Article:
from the the-stupid.-it-burns dept
I really thought we were beyond this kind of idiocy by now, but apparently wherever newish technology shows up, there are technologically clueless lawyers waiting to rush in. Today’s example: lawyers for the Canadian Broadcasting Company have sent threat letters to the makers of various podcast apps for letting people listen to CBC podcasts. Apparently, the lawyers at the CBC think that because a podcast app is a commercial product, that means that you can’t use it to access their public RSS feeds that offer up the CBC’s podcasts. Here’s the email that was posted to Reddit, with the name of the specific app redacted:
I am contacting you regarding the unauthorized use of CBC’s podcasts that are being used in your <app name> app.
I would ask to cease immediately the use of our unlicensed podcasts.
If you interested in CBC content and podcast, we can discuss a license fee model.
I would be happy to have a call to discuss further our content and services.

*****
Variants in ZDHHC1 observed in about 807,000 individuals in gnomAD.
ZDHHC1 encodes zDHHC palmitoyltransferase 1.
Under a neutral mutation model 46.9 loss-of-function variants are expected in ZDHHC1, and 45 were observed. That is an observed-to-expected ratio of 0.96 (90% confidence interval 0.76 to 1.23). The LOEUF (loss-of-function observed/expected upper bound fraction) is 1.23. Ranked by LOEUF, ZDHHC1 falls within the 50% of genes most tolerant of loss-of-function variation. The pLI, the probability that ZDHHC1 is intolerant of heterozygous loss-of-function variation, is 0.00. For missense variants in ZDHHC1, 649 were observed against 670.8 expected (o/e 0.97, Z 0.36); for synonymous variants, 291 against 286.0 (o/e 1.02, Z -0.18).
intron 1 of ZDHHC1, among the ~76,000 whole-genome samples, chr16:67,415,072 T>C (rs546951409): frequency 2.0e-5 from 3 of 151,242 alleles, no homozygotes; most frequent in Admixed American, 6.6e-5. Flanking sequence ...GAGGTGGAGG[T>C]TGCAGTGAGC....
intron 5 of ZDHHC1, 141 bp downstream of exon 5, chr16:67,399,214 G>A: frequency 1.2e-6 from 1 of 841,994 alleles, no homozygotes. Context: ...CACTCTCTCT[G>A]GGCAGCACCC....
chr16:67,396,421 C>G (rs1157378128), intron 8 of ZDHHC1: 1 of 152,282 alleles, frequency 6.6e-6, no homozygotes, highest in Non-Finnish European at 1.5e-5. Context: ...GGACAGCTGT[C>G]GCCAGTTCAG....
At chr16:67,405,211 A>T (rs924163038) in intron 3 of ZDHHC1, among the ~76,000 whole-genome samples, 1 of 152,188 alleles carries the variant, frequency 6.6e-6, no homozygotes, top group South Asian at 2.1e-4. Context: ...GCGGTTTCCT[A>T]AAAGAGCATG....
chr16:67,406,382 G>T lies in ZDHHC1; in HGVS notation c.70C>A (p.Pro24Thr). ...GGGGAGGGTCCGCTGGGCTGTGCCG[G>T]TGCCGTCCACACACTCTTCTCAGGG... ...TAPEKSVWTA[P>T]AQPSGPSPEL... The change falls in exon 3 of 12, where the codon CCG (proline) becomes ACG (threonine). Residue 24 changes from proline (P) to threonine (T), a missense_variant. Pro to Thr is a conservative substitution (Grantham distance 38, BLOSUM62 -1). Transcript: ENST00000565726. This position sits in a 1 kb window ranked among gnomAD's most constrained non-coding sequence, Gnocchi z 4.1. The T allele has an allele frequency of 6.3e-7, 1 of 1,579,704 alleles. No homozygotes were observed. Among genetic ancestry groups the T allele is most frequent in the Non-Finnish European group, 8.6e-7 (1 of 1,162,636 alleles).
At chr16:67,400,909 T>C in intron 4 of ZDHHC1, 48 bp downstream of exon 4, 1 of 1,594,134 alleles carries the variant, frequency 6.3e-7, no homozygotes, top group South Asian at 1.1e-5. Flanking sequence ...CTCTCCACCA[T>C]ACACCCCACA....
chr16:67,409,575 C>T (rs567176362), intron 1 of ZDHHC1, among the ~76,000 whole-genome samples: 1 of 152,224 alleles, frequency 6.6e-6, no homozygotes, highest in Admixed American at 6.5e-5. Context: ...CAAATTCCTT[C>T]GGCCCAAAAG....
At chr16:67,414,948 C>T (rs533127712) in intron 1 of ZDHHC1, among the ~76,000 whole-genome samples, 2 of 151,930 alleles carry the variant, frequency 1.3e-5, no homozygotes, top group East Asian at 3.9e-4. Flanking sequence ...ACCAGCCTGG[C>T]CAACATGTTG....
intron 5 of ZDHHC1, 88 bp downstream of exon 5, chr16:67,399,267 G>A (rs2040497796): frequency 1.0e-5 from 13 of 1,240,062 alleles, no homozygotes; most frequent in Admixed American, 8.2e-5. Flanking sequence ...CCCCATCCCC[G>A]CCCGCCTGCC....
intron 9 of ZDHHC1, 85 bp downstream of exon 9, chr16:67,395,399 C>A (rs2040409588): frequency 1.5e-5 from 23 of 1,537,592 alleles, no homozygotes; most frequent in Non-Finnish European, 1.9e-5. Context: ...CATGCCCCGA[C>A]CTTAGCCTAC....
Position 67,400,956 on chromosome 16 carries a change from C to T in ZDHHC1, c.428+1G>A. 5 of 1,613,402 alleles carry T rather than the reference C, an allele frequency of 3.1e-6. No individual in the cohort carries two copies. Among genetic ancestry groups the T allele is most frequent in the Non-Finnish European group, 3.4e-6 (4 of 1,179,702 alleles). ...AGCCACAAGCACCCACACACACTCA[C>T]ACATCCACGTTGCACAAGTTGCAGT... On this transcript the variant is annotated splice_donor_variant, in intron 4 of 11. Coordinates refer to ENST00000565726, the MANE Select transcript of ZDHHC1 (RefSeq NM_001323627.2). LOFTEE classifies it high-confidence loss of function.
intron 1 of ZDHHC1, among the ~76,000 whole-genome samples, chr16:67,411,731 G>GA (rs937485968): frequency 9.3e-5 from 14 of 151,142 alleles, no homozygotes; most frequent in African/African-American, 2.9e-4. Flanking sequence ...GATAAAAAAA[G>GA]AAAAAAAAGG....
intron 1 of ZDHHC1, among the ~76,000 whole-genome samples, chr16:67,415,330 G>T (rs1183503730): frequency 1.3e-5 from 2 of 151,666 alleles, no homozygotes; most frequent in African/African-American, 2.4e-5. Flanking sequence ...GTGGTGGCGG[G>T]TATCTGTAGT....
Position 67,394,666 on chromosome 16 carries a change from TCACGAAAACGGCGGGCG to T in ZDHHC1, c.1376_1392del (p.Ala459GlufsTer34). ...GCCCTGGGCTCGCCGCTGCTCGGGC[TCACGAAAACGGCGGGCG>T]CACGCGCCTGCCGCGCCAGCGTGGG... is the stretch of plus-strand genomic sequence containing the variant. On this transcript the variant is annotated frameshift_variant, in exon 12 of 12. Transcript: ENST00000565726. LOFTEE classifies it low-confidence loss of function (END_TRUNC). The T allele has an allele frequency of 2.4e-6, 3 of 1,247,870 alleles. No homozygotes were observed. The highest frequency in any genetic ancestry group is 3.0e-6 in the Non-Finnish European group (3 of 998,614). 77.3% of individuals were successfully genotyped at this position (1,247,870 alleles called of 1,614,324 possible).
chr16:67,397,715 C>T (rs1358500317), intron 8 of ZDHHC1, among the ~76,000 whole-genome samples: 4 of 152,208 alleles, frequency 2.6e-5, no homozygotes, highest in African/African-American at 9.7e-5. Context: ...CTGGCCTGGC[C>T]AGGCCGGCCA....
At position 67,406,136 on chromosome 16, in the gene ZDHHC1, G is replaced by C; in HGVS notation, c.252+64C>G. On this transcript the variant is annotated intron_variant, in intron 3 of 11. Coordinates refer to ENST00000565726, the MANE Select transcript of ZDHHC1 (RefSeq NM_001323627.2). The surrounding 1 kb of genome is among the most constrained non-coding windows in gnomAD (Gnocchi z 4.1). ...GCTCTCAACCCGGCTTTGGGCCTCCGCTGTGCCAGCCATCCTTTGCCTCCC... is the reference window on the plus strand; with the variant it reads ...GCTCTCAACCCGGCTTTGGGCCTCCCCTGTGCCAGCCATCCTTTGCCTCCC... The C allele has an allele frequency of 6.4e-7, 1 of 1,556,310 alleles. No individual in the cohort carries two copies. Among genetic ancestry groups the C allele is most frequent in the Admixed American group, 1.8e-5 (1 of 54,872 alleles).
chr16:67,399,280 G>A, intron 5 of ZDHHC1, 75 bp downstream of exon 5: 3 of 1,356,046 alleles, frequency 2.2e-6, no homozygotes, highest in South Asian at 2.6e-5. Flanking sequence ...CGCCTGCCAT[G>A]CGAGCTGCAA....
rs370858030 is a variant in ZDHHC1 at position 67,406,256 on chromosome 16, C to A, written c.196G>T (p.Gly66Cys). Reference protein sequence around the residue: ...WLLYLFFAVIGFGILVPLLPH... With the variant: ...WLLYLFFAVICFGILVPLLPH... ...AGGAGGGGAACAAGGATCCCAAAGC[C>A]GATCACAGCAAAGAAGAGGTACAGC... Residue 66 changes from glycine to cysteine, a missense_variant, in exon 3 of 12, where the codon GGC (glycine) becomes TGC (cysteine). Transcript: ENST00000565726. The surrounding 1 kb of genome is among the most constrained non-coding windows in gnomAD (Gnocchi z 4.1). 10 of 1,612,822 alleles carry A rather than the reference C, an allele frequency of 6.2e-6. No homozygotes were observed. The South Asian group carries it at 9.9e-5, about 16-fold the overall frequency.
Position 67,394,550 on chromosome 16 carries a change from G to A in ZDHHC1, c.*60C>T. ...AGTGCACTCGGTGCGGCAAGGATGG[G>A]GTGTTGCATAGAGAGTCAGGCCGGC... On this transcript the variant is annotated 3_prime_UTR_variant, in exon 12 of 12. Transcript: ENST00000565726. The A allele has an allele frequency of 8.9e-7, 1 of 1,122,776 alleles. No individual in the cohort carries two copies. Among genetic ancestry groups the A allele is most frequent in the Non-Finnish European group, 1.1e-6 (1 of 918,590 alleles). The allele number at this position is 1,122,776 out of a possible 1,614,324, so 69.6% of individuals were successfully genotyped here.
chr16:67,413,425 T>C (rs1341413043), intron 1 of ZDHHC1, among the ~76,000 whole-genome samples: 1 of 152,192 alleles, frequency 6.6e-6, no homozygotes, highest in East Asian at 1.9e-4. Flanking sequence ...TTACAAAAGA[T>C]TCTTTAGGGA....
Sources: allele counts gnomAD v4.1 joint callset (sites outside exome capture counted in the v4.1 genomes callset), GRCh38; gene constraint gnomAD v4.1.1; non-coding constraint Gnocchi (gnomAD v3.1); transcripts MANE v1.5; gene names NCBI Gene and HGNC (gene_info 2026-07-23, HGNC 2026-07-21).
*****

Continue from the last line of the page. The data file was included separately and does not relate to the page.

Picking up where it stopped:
I actually listen to a few CBC podcasts on my commercial podcast player — but now I have to wonder if they’ll still be there. Either way, this is ridiculously stupid and clueless. As Cory Doctorow notes in his post about this, this is a return of the old stupid and debunked idea where some clueless sites believed you needed a license to link to them. Because that’s really all that the podcast apps are doing. They’re picking up publicly available RSS feeds and letting people listen to publicly available podcasts.
But the CBC is going one worse here: their argument is that making a tool that allows someone to load a public URL without permission is violating copyright law — it’s the same thing as saying, “Because Google is a for-profit corporation, any time a Chrome user loads a CBC page in the Chrome browser without the CBC’s permission, Google is violating CBC’s copyright.”
It is an absolutely insane idea, and as legally ignorant as one can imagine. It’s shocking that a letter of such dangerous stupidity was sent on CBC letterhead, signed by someone who apparently got a law degree at some point. If the CBC is right, then all browsers are presumptively unlawful.
There is an implied license when you put something on the web that it is there to link to. If you don’t want people to load your RSS feed, don’t publish it, or add a password to it. To argue otherwise is to argue against the internet itself.
One hopes this is just someone who is incredibly confused, or was just searching for extra work at the CBC, because if this is seriously the CBC’s policy, then that’s extraordinarily messed up.